Ch. 13 Cardiovascular System Flashcards Preview

Human Anatomy > Ch. 13 Cardiovascular System > Flashcards

Flashcards in Ch. 13 Cardiovascular System Deck (22):

Functions of Heart

- unidirectional flow of blood
- back flow of blood is prevented by valves within the heart
- two independent pumps that work independently but at same rate: one directs blood to lungs for gas exchange, other directs blood to body tissues for nutrient delivery
- develops blood pressure through alternate cycles of the heart wall contraction and relaxation


Location and surface

- lies in mediastinum
- two thirds of mass lies to the left of the midline
- apex: lower, pointed end by the tip of the left ventricles
- base: broader, superior portion by the atria
- surface projection is outlined shape of an organ on the surface of the body
- anterior surface: deep to the sternum and ribs
- inferior surface: rests mostly on the diaphragm
- right border: faces the right lung
- left border: faces the left lung
- outline: connect the superior right point, superior left point, inferior left point, and inferior right point



Fibrous pericardium: superficial tough, 1 elastic layer, composed of dense irregular connective tissue. Prevents overstretching of the heart, provide protection, and anchors the heart to the mediastinum
Serous pericardium: thinner, more delicate layer that forms a double layer around the heart and divided into parietal and visceral pericardium
Pericardial fluid: slippery secretion of pericardial cells that reduces friction between the membranes as the heart moves


Heart wall

Epicardium: external layer, composed of mesothelium and connective tissue(fibro-elastic and adipose)
Myocardium: middle layer, muscular pumping layer, 95% of the heart wall (cardiac muscle)
Endocardium: inner layer, consists of a layer of endothelium covering connective tissue, continuous with the endothelium of the blood vessels connected to the heart (tight junctions)
Endocarditis: inflammation of endothelium


Cardiac muscle characteristics

Intercalated discs, desmosomes, Gap junctions


Heart surface markings (3 major grooves/ sulci)

Coronary sulcus: encircles most of the heart seperates the atria from the ventricles
Anterior interventricular sulcus: marks the external boundary between right and left ventricles
Posterior interventricular sulcus: marks the external boundary between ventricles on the posterior surface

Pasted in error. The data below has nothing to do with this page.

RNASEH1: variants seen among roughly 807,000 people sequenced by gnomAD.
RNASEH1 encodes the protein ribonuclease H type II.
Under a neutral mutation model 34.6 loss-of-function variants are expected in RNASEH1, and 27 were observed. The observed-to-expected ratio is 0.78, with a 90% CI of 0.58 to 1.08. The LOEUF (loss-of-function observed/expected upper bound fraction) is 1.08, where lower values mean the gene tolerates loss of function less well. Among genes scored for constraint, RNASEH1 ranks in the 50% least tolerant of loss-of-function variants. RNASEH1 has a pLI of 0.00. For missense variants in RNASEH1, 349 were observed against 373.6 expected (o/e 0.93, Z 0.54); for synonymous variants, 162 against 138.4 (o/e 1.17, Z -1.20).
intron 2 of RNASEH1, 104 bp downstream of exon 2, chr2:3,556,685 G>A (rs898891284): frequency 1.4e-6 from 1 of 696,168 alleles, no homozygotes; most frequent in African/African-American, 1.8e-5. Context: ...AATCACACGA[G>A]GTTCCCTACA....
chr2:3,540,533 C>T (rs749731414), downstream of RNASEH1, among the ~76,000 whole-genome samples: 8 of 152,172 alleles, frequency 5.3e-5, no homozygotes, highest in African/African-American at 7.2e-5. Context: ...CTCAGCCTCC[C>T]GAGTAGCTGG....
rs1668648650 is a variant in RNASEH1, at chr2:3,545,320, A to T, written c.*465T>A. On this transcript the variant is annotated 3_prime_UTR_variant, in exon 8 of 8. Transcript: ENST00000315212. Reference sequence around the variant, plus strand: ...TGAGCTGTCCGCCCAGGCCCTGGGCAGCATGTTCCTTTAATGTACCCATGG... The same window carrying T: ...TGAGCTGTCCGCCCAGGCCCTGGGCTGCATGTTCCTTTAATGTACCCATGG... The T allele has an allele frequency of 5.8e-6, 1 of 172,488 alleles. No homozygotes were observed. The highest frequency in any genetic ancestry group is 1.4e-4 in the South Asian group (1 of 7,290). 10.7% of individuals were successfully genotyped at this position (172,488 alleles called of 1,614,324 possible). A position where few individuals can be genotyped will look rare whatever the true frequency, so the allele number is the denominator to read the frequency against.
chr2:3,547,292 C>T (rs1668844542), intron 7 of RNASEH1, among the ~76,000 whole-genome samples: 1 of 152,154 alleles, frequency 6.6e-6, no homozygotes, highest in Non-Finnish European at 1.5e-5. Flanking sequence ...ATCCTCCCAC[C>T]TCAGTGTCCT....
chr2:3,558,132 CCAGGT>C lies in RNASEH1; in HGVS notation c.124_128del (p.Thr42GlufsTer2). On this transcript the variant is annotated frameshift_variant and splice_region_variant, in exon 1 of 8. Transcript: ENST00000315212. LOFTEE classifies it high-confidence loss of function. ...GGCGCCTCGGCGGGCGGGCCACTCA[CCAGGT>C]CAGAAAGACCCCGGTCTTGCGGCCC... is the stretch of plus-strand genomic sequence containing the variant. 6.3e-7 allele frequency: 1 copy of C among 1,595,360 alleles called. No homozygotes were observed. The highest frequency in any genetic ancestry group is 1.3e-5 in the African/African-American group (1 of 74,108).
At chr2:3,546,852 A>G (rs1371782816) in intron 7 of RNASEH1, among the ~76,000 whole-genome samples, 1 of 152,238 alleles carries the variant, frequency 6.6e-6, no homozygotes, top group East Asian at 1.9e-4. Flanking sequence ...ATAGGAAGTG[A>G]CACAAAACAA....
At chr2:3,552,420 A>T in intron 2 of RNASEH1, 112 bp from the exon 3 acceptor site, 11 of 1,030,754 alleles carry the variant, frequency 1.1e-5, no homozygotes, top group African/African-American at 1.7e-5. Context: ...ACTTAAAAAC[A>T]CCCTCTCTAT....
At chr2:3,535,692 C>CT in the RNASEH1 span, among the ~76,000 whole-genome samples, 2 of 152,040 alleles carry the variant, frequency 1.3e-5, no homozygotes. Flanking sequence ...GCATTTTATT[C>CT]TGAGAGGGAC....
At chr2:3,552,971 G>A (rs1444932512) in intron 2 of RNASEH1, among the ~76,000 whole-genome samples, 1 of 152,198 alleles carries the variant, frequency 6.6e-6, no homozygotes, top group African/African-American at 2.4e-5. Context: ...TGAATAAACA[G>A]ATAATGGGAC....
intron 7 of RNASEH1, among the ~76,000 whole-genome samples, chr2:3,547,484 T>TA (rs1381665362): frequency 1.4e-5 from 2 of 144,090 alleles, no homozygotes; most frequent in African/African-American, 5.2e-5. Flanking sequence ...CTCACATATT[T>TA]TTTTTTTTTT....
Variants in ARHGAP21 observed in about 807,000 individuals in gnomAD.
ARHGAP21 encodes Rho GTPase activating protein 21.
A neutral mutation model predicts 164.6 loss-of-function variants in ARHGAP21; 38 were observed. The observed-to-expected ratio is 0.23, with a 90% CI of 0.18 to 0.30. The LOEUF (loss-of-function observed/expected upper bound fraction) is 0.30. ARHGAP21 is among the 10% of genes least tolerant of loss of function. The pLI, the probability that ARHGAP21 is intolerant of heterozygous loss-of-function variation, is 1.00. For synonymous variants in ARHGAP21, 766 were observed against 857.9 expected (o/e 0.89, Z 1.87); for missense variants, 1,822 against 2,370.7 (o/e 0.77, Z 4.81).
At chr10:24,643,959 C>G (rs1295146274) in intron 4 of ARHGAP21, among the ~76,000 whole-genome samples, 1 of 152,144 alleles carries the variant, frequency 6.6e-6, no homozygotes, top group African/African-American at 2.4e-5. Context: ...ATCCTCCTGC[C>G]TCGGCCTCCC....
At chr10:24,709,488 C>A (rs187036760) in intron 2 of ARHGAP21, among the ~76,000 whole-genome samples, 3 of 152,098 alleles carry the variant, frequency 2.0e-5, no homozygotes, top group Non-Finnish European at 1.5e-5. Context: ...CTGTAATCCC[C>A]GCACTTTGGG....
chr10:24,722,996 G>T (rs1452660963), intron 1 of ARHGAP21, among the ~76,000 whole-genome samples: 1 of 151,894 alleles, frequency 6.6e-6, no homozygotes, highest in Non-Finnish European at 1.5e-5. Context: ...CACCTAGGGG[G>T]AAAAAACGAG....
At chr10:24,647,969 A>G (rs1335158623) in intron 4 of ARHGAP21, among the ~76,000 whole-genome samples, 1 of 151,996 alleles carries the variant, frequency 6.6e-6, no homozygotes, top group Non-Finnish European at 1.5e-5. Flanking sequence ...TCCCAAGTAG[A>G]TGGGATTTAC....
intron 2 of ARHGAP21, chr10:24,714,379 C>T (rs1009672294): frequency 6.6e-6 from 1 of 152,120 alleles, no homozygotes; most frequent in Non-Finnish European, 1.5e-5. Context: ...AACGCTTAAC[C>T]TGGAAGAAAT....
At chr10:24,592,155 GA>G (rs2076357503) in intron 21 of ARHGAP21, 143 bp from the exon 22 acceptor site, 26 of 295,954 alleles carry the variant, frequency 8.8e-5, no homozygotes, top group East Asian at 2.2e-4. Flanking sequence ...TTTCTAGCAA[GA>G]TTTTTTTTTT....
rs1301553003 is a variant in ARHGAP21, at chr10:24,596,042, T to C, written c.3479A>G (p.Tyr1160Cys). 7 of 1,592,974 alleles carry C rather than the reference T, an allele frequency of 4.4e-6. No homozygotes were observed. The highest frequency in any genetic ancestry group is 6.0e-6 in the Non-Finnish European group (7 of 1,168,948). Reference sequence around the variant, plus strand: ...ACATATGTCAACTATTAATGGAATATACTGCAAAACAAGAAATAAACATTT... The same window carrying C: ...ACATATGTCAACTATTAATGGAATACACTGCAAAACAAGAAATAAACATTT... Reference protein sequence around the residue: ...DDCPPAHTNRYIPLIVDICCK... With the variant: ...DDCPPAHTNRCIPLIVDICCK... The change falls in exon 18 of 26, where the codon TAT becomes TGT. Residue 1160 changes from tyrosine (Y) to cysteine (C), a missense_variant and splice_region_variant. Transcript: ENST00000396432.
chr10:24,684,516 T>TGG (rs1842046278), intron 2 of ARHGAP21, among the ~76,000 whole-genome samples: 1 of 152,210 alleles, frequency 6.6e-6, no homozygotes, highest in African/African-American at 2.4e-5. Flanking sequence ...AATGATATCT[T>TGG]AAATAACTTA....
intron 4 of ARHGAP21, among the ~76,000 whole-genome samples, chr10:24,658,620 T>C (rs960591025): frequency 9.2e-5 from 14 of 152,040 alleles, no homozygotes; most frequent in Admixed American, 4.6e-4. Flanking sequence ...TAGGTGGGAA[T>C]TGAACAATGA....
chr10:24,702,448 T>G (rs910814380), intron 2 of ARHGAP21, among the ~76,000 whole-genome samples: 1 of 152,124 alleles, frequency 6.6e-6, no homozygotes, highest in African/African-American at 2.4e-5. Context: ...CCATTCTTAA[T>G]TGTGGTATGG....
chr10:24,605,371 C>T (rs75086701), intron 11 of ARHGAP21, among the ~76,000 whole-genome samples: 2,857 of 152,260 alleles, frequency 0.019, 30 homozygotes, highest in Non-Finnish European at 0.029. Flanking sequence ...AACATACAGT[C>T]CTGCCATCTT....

Characteristics and functions

- heart is the centre
- arteries carry blood away and veins carry blood back to the heart
- arteries are high in oxygen (except pulmonary arteries
- veins carry low blood in oxygen (except pulmonary veins)
- entering and leaving the heart are called great veins


Chambers of Heart

Two superior chambers
- right and left atria (weaker pumps)
- receive blood returning to the heart via the veins
Two Inferior chambers
- right and left ventricles (powerful pumps)
Pulmonary Pump
- right atrium and right ventricle, moves deoxygenated blood through the lungs (pulmonary artery)
Systemic Pump
- left atrium and left ventricle, pumps oxygenated blood to all systems (pulmonary vein)


Right Atrium (3 veins, lined by?, valve)

- receives deoxygenated blood
- superior vena cava: drains blood from parts of the body superior to the heart
- inferior vena cava: collects blood from all parts of the body inferior to the diaphragm
- coronary sinus: recieves blood fro most of the vessels draining the wall of the heart
- anterior wall had muscular ridges called pectinate
- interatrial septum (wall)
- fossa ovalis: depression on the septum, remnant of the foramen ovate (close at birth)
- blood flows from the right atrium into the right ventricle through the right atrioventricular valve (tricuspid valve)


Right Ventricle

- inner surface lined with ridges called trabecule carneae
- chordae tendineae connects the tricupsid valve to the papillary muscles
- interventricular septum seperates the two ventricles
- blood passes through pulmonary valve to lungs


Left Atrium

- forms most of the base of the heart
- receives oxygenated blood from the lungs via four pulmonary veins (two from each lung)